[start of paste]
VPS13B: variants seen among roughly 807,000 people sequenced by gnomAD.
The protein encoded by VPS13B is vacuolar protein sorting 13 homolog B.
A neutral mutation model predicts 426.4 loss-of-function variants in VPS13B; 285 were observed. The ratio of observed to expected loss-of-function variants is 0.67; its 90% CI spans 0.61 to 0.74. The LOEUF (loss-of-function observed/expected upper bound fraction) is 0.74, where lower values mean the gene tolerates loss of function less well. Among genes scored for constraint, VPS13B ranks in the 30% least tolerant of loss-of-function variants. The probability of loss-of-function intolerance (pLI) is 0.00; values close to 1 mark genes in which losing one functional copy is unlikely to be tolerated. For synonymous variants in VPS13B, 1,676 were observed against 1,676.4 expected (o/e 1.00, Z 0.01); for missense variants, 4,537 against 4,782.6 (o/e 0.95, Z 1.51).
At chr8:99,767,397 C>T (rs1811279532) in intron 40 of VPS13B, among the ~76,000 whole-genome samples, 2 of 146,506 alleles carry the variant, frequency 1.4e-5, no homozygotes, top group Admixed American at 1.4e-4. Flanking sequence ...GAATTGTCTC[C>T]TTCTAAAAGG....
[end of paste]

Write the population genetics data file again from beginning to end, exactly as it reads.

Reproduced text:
VPS13B: variants seen among roughly 807,000 people sequenced by gnomAD.
The protein encoded by VPS13B is vacuolar protein sorting 13 homolog B.
A neutral mutation model predicts 426.4 loss-of-function variants in VPS13B; 285 were observed. The ratio of observed to expected loss-of-function variants is 0.67; its 90% CI spans 0.61 to 0.74. The LOEUF (loss-of-function observed/expected upper bound fraction) is 0.74, where lower values mean the gene tolerates loss of function less well. Among genes scored for constraint, VPS13B ranks in the 30% least tolerant of loss-of-function variants. The probability of loss-of-function intolerance (pLI) is 0.00; values close to 1 mark genes in which losing one functional copy is unlikely to be tolerated. For synonymous variants in VPS13B, 1,676 were observed against 1,676.4 expected (o/e 1.00, Z 0.01); for missense variants, 4,537 against 4,782.6 (o/e 0.95, Z 1.51).
At chr8:99,767,397 C>T (rs1811279532) in intron 40 of VPS13B, among the ~76,000 whole-genome samples, 2 of 146,506 alleles carry the variant, frequency 1.4e-5, no homozygotes, top group Admixed American at 1.4e-4. Flanking sequence ...GAATTGTCTC[C>T]TTCTAAAAGG....